I don’t particularly care to talk about myself. If you’d like to skip the introspective history that follows, suffice it to say that I’m a software developer living in the Atlanta area. I lead a large team of developers for Landis+Gyr, and create applications and products as an independent consultant. I play the drums in several bands, write a lot of fiction and non-fiction, and make things out of other things. Read on if you feel the need to know more.
“Hello, Grant! I hope you are well.”
These words, some of the first I can remember any single entity uttering to me, started a relationship that would last my entire life. These words were the programmed greeting that came from the tiny 3.5″ speaker mounted inside an IBM 286 my uncle had just given to me.
“Hello.” I ventured back.
It was my 8th birthday, and my 8 year old imagination believed that this machine could really speak, and it was only proper to answer. I’ve been speaking to machines ever since.
I used my almond and cream IBM 286 to do the things most 8 year olds do. I played Battle Tanks and Scorched Earth. I played Zorg, my first text-based game since the choose-your-own-adventure series I read when I was younger. I broke it and rebuilt it several times. I learned a lot in the process.
Then I discovered Wordperfect. I didn’t really know what it was for, but I knew that my mom used it for these things called “reports”. I didn’t know how to write those so I wrote what I did know, fiction. I mostly copied comics and sci-fi novels I read as a boy. I created new worlds. I created characters. These stories are all lost to time, somewhat of a disappointment. I bet there was some good material there.
Fast-forward several years. I had been speaking to computers for years but not in a language they understood. I finally learned BASIC and my ability to tell a computer to GOTO any line and EXECUTE a command was finally realized. All kidding aside I learned a lot about drawing to the screen, and began to understand what it was to really speak to these machines that I’d only used as a tool up until then. It was then that I realized how powerful a tool they were.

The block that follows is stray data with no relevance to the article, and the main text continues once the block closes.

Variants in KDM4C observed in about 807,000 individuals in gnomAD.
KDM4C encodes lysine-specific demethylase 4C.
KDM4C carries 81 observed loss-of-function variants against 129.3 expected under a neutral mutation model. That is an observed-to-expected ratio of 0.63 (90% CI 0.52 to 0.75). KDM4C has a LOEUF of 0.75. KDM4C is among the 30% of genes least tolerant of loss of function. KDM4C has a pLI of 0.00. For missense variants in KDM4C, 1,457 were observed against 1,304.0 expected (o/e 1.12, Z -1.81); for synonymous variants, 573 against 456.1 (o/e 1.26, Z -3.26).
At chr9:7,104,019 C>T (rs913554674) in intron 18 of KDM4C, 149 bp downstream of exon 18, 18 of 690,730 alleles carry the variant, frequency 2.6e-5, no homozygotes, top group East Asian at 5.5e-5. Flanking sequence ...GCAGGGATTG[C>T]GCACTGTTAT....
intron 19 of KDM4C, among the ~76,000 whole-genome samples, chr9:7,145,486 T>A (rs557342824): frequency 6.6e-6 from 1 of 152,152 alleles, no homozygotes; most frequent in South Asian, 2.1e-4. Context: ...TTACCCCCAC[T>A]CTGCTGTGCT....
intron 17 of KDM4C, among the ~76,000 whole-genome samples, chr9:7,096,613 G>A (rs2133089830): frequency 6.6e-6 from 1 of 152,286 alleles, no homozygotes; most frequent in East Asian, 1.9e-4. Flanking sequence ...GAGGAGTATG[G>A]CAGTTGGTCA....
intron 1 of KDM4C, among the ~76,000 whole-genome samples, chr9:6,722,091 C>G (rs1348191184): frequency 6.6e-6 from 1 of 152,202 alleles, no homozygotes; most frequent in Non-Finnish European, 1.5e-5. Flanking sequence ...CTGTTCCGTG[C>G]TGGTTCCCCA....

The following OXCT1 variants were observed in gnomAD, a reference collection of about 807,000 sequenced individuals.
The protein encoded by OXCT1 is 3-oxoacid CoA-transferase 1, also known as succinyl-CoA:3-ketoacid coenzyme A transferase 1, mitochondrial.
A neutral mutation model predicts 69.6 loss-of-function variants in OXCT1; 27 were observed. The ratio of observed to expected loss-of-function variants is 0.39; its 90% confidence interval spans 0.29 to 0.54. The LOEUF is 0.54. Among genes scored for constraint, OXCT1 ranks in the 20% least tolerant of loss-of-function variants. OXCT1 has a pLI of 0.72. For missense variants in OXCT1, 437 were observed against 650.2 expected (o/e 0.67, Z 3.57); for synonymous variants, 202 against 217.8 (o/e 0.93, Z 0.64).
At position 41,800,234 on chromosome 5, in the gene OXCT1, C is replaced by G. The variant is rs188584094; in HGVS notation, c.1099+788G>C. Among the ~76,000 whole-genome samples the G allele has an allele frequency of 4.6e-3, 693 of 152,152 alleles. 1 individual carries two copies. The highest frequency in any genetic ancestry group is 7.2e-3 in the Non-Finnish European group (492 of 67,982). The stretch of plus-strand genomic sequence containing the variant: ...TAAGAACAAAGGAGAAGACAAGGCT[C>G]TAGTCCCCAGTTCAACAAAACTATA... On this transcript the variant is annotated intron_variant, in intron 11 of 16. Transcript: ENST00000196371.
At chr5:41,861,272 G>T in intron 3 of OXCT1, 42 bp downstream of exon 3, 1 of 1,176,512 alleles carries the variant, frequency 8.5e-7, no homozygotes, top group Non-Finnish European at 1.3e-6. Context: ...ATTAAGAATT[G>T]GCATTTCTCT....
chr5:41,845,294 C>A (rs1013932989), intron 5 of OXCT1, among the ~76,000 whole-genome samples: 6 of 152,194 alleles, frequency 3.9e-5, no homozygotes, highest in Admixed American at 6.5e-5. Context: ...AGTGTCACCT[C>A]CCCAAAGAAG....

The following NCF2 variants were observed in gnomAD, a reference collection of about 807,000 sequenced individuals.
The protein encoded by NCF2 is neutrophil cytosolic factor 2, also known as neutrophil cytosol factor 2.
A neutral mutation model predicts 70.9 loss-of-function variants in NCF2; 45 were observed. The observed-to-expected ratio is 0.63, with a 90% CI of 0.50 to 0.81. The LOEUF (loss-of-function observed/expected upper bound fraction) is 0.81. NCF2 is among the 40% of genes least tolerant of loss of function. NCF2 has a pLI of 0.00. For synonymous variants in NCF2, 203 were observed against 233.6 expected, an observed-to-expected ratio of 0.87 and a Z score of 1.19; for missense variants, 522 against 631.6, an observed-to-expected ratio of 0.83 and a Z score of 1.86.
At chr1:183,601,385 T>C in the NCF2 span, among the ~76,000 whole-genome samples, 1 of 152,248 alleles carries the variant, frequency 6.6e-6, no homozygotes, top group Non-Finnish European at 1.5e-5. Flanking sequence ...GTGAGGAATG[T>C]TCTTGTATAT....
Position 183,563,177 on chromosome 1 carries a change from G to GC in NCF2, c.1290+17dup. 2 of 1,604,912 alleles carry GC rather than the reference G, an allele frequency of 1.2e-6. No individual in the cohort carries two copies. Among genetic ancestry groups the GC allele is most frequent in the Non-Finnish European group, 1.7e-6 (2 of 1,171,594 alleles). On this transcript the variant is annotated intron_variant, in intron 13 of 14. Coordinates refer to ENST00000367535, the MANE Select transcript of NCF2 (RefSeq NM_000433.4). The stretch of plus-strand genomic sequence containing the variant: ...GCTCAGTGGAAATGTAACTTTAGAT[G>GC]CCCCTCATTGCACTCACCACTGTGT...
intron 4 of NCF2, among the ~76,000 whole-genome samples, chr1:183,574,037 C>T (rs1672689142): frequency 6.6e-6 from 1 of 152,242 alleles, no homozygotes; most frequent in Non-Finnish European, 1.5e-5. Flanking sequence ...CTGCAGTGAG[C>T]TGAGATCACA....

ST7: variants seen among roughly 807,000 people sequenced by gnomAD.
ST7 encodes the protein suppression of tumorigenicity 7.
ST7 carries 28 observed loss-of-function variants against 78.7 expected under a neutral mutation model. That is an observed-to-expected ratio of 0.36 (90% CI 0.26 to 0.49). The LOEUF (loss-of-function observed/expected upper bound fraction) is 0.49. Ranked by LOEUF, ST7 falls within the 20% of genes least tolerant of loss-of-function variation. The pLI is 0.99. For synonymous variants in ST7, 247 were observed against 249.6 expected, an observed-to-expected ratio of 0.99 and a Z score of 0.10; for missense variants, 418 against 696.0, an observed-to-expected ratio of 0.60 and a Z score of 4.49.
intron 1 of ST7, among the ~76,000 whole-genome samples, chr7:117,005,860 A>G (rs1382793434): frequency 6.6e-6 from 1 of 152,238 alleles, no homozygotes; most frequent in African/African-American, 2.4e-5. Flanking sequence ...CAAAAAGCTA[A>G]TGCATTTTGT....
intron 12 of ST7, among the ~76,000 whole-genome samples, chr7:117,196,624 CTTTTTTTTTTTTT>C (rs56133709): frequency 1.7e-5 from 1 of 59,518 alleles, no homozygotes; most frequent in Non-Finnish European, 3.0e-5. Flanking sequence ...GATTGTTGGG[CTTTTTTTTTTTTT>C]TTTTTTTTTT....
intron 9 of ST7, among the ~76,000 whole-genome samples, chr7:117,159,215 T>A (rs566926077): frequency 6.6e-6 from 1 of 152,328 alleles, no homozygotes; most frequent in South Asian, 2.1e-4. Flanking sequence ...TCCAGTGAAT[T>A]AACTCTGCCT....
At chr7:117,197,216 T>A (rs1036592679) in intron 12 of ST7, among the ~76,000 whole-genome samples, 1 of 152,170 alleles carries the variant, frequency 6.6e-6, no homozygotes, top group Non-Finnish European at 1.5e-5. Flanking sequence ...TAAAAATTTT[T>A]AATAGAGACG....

Around the same time I became interested in music, specifically the drums. I had spent years irritating my family with clicking and banging, tapping and rapping on desks, pans and boxes. I finally pursued instruction and my parents graciously bought my first and then later second drum kits. Other than computers music has been my only constant interest. Perhaps that will change when I grow up someday.
The years went by and I discovered BBS’s. The thought of dialing into a remote computer somewhere in another city or state was enthralling, and I ran up several months worth of allowance in phone bills before I discovered ways to dial-in without paying the middle man. My interests exploded on the BBS. I discovered better programming languages and constructs, fun mathematics, and found kindred spirits musically. I dabbled in electronic music for the first time with Mod tools and hex editors. I recorded my first song around this time and shared several with other BBS musicians and programmers.
Then the internet showed up. A blessing and a curse, it allowed me to indulge and cultivate interests in a myriad of subjects. Film, photography, fiction, graphic art, 3D animation, more music, more math, more programming all followed.
In the years since I’ve become a software developer, leader of men, studio drummer, amateur electronics engineer, and writer. Somewhere in here I met my wonderful wife and art Cary Finch (now Cary Muller). A kindred spirit with a similar lack of focus, you can find her work at her website.
I’m still waiting for the perfect storm of these interests, an alignment of the stars that will allow me to tie them all together with a big red bow to hand to the world.
Until then, I’ll create. I’ll report most of it here.